Best Young Adult Fiction and Best Debut Goodreads AuthorThe Hate U Give by Angie Thomas

Best Science Fiction: Artemis by Andy Weir

Best Science & Technology: Astrophysics for People in a Hurry by Neil deGrasse Tyson

Best Historical Fiction: Before We Were Yours by Lisa Wingate

Best Romance: Without Merit by Colleen Hoover

Best Mystery & Thriller: Into the Water by Paula Hawkins

Best Graphic Novel & Comic: Big Mushy Happy Lump by Sarah Andersen

Best Poetry: The Sun and Her Flowers by Rupi Kaur

Best Young Adult Fantasy & Science Fiction: A Court of Wings and Ruin by Sarah J. Maas

Best History & Biography: The Radium Girls: The Dark Story of America’s Shining Women by Kate Moore

Best Humor: Talking as Fast as I Can: From Gilmore Girls to Gilmore Girls (and Everything in Between) by Lauren Graham

Best Memoir & Autobiography: What Happened by Hillary Clinton

Best Food & Cookbook: The Pioneer Woman Cooks: Come and Get It! by Ree Drummond

Best Nonfiction: How to Be a Bawse: A Guide to Conquering Life by Lilly Singh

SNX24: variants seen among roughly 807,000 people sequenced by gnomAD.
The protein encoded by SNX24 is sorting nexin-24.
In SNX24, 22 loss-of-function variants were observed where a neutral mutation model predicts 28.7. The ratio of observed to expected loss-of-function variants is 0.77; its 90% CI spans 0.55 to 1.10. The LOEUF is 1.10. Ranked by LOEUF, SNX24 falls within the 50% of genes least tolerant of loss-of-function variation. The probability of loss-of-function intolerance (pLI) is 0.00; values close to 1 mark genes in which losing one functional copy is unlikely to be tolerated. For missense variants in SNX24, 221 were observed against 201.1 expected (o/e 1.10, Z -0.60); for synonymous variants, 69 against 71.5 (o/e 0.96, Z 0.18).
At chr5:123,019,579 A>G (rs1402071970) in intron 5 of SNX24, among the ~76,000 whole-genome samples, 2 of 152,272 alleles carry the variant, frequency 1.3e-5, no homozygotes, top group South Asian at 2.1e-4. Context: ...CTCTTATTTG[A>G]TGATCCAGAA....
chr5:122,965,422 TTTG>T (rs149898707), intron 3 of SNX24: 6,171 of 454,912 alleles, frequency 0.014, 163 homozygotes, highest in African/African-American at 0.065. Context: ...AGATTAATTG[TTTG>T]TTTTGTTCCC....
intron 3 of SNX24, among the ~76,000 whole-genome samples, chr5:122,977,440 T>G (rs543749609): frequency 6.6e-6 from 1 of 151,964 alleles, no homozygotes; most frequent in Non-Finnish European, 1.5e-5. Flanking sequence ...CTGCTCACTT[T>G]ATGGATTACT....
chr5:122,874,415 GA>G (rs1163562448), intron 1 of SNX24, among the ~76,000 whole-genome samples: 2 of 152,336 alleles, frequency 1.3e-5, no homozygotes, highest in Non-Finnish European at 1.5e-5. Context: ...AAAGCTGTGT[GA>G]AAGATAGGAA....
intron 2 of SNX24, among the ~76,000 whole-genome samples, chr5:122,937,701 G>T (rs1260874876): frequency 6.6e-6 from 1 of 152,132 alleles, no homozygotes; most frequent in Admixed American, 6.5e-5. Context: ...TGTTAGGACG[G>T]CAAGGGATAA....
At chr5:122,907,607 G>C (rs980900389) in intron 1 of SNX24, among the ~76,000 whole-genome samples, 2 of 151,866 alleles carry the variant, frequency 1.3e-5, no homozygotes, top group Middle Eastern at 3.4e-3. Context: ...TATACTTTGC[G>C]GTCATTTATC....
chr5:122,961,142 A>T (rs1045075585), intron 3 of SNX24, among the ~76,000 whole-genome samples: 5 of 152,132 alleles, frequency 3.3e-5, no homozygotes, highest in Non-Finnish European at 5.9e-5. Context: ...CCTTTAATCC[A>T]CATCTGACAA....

Best Middle Grade & Children’s: The Ship of the Dead by Rick Riordan

World Fantasy Awards Announced

by Chris SchluepNovember 07, 2017, first appearing on Omnivoracious

The winners of the 2017 World Fantasy Awards have been announced. The ceremony was held earlier this month in San Antonio, Texas at the World Fantasy Convention. The Lifetime Achievement Awards, presented annually to individuals who have demonstrated outstanding service to the fantasy field, went to Terry Brooks and Marina Warner.

Below is a list of the winners from selected categories. You can see all of the winners listed on Locus.

Best Novel

  • The Sudden Appearance of Hope by Claire North
  • Borderline by Mishell Baker
  • Roadsouls by Betsy James
  • The Obelisk Gate by N.K. Jemisin
  • Lovecraft Country by Matt Ruff

Best Long Fiction

  • The Dream-Quest of Vellitt Boe by Kij Johnson
  • The Ballad of Black Tom by Victor LaValle
  • Every Heart a Doorway by Seanan McGuire
  • A Taste of Honey by Kai Ashante Wilson

Best Short Fiction

  • Das Steingeschöpf” by G.V. Anderson
  • Our Talons Can Crush Galaxies” by Brooke Bolander
  • Seasons of Glass and Iron” by Amal El-Mohtar
  • Little Widow” by Maria Dahvana Headley
  • The Fall Shall Further the Flight in Me” by Rachael K. Jones

Best Anthology

  • Dreaming in the Dark edited by Jack Dann
  • Clockwork Phoenix 5 edited by Mike Allen
  • Children of Lovecraft edited by Ellen Datlow
  • The Best American Science Fiction and Fantasy 2016 edited by Karen Joy Fowler & John Joseph Adams